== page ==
“Word, Water, and Spirit:” “A Reformed Perspective on Baptism”, J. V. Fesko -- By: W. G. Crampton

Journal: Reformed Baptist Theological Review
Volume: RBTR 07:2 (Jul 2010)
Article: “Word, Water, and Spirit:” “A Reformed Perspective on Baptism”, J. V. Fesko
Author: W. G. Crampton


“Word, Water, and Spirit:” “A Reformed Perspective on Baptism”, J. V. Fesko

W. G. Crampton, Th.D.

W. G. Crampton, Th.D., is a pastor at Reformed Baptist Church, Richmond, VA, and author of From Paedobaptism to Credobaptism, available at www.rbap.net. This review is written from the standpoint of a Reformed credobaptist.

Dr. J. V. Fesko is an ordained minister in the Orthodox Presbyterian Church. He is the academic dean and associate professor of systematic theology at Westminster Theological Seminary, California. He has served in the pastoral ministry for over ten years, and has written a number of books. The author of this book is a well trained scholar and very capable of writing a book such as Word, Water, and Spirit.1

After a brief Preface and an Introduction, the book is divided into three Parts with several chapters in each part. Each part ends with a summary of the overall teaching of that part. At the end of the third and final part there is a Conclusion, followed by a Bibliography, a Scripture Index, and a Subject Index.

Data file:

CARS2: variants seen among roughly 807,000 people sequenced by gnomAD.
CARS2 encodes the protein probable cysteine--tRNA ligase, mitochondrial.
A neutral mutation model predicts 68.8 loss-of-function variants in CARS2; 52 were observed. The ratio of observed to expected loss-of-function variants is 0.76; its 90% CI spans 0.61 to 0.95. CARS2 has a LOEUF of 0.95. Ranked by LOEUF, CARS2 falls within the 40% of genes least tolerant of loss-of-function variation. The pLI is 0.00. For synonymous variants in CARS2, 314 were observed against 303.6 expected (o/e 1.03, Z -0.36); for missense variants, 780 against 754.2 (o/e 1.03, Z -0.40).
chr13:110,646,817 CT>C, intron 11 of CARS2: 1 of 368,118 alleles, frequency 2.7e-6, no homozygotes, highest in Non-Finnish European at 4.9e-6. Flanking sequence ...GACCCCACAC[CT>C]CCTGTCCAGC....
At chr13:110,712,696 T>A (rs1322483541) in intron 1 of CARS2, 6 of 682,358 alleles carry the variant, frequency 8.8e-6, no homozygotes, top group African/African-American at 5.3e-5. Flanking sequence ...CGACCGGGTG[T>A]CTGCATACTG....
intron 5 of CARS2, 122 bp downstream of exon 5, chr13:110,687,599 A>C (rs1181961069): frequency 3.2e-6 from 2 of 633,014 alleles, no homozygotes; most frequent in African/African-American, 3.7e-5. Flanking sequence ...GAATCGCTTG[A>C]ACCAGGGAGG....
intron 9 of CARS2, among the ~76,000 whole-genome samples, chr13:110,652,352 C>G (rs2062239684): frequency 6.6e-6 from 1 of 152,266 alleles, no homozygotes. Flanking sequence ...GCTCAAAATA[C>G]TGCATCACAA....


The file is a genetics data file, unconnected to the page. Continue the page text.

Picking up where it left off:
Introduction (1-11)

On the very first page of the book the author gives us the “goal” of this monograph: “to explain what baptism means, define it, and identify to whom it should be administered.” He goes on to say that “the underlying methodological commitment of this study is that God reveals Himself to His people through Christ and covenant.” From the beginning of the book we are told how important the doctrine of God’s covenant with His people is to an understanding of water baptism, including the subjects of the sacrament. And

although the writer acknowledges that there are Reformed Baptist scholars who contend that a proper view of the covenant is important for us to grasp the biblical view of water baptism,2 the implicit assumption (which is stated more explicitly later in the book) seems to be that Baptists do not understand the doctrine of the covenant as they should. The present reviewer, a Reformed Baptist, agrees with the author that a proper view of the covenant is important in understanding the biblical doctrine of water baptism. In actuality Reformed Baptists are every bit as covenantal in their theology as are Reformed Presbyterians. But the fact is, as we will see below, that a proper view of the covenant necessitates credobaptism.

The Introduction concludes with the statement that “the overall goal of this book is to validate the exegetical and theological conclusion of the Westminster Confession of Faith (28:1)You must have a subscription and be logged in to read the entire article.
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